Laura Cesari made a set of beaded necklaces that are patterned after the orbits of our solar system. Each one shows either the entire solar system or a planet and the orbits of its moons in proportionate distances:

    Years ago, I discovered a particularly nice piece of agate in a friend's bead shop that reminded me of Jupiter, and created a "Jupiter necklace" with other beads orbiting around it like moons. In the Solar System design, I decided to "zoom out" and focus on using small beads to measure the proportional distances between the planets. It took some calculations, a few abstractions, and a couple of prototypes: the first version was 75 inches long, made with 7-millimeter tubular glass bugle beads, each bead representing about 20 million miles. This Solar System Necklace design seemed like a good way to translate the mind-boggling distances of space into something tangible, something that people can measure physically with familiar objects.


    Link via Make | Photo: Make

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    Pizzacone



    Pizzacone is a new Manhattan restaurant where you can buy the contents of a pizza stuffed into a cone:

    The dough cones are shipped to Pinto daily from a Connecticut bakery, and each Pizzacone is made to order at the counter; you tell them what ingredients to add, and then it's cooked in the oven for five minutes. The result, according to one early guinea pig, is as convenient as it is delicious. "Tastes like a pizza," Victor Nelli, a TV producer, tells the Daily News. "You can totally walk with it, and you don't have the oil dripping all over you."


    What say you, Neatoramanauts: awesome or disgusting? Or both?

    Link via reddit | Photos: redditor Measure76

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    Tree-Climbing Dog


    (YouTube Link)


    Nissa, a Border Collie owned by YouTube user Epic1, will stop at nothing to get her frisbee back.

    via Bits & Pieces | Previously: Tree-Climbing Collie

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    Wave Rock



    Wave Rock is an unusual landform in southwestern Australia. It looks like a giant wave of water that is about to crash. This feature was caused by the erosion of soft rock below the harder top. It measures 14 meters high and 110 meters long.

    Link via The Presurfer | Photo by Flickr user tostao meravigliao used under Creative Commons license

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    Sculpted Pencil Leads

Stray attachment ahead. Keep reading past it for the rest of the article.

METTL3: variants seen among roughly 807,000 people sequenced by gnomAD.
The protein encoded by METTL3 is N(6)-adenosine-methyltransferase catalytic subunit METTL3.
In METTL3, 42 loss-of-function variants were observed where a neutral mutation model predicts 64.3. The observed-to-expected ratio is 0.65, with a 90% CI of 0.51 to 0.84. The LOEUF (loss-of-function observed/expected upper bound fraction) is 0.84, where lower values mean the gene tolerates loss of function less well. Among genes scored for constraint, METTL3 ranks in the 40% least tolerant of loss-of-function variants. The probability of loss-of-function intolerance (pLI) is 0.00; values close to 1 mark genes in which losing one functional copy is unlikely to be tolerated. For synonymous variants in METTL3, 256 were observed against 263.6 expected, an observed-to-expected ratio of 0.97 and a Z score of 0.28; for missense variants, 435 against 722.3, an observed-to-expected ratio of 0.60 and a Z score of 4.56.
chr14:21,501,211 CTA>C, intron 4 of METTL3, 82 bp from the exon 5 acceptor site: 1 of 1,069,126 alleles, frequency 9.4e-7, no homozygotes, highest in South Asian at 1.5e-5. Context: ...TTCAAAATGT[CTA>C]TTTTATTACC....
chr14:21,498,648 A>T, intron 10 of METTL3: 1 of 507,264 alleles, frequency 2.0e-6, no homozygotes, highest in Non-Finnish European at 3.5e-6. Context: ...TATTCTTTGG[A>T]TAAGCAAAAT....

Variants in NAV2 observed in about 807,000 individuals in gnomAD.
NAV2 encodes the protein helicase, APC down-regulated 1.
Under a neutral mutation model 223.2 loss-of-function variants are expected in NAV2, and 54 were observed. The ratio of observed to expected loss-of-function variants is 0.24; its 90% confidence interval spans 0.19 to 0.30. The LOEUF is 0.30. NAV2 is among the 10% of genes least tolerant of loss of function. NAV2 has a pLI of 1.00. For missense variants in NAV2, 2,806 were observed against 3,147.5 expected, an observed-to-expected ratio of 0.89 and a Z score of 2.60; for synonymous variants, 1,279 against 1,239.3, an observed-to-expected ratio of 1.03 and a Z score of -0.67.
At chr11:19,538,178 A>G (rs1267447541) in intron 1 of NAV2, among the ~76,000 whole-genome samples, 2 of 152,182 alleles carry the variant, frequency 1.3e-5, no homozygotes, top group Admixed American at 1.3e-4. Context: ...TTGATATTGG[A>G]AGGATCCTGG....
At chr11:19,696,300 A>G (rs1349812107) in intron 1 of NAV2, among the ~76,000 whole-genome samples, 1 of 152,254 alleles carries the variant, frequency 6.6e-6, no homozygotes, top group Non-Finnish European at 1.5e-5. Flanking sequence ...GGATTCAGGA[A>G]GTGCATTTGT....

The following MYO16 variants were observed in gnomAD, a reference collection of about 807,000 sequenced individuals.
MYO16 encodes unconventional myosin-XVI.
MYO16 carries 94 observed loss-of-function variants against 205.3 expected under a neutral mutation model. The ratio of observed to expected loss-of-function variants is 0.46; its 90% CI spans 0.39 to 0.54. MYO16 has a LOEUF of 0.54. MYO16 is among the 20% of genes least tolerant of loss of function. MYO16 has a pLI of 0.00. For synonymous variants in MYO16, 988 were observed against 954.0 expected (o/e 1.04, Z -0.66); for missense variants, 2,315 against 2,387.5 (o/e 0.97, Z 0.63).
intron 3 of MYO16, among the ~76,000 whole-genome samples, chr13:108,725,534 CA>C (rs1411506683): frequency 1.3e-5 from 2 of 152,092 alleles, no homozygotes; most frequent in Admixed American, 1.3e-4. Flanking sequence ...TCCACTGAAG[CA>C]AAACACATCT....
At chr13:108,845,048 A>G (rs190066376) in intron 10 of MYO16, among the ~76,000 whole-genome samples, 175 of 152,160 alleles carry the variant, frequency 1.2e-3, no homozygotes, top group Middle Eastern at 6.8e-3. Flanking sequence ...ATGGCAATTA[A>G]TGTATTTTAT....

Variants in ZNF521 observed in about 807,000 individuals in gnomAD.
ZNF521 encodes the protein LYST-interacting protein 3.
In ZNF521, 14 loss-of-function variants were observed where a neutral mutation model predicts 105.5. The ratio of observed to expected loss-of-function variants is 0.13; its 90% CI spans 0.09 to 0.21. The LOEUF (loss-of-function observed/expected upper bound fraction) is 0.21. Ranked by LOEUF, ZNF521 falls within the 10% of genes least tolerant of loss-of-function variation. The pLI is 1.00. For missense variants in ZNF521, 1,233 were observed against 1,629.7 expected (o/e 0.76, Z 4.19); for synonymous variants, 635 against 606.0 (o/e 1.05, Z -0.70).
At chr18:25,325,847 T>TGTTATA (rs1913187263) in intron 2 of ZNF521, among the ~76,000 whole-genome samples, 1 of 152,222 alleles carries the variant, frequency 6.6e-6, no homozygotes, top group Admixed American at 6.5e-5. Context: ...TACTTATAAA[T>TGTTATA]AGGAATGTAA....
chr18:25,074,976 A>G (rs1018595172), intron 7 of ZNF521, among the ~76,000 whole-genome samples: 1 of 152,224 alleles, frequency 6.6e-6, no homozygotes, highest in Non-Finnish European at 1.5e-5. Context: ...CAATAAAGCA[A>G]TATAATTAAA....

Artist Dalton Ghetti sculpts pencil leads. The work is very challenging, and he often works on multiple projects, so it can take him a decade to finish a single piece. From a 2007 article about him in The New York Times:

    “The pencil tip is great; it’s like a pure, very homogenous material,” he said. “It cuts in the same direction, not like wood, which has a grain. But when I tell people how long it takes, that’s when they don’t believe it. That’s what amazes people more, the patience. Because everything nowadays has to be fast, fast, fast.”


    Gallery and Article via DudeCraft | Photo: Cooked Brains

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    Image of the Only Nuke Ever Detonated in Space



    This is a recently-declassified US government photo of a hydrogen bomb detonating in space. The test, called Starfish Prime, set off the nuke 250 miles above the Earth's surface. NPR explains that the US did so see if the Van Allen radiation belts around the Earth had military uses:

    The plan was to send rockets hundreds of miles up, higher than the Earth's atmosphere, and then detonate nuclear weapons to see: a) If a bomb's radiation would make it harder to see what was up there (like incoming Russian missiles!); b) If an explosion would do any damage to objects nearby; c) If the Van Allen belts would move a blast down the bands to an earthly target (Moscow! for example); and — most peculiar — d) if a man-made explosion might "alter" the natural shape of the belts.


    Video at the link.

    Link via DVICE

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    Landlocked Navies of the World

    It might seem odd that nations with no access to the ocean would maintain naval forces, but many do. Kazakhstan and Azerbaijan, for example, keep many naval vessels on the enormous Caspian Sea. Switzerland and Burundi have armed patrol boats on their border lakes. These forces, however, are not separate military entities, but integrated into the other armed forces. What makes the following nations unique is that they maintain separate military organizations identified as navies, but these forces have access only to inland rivers and lakes.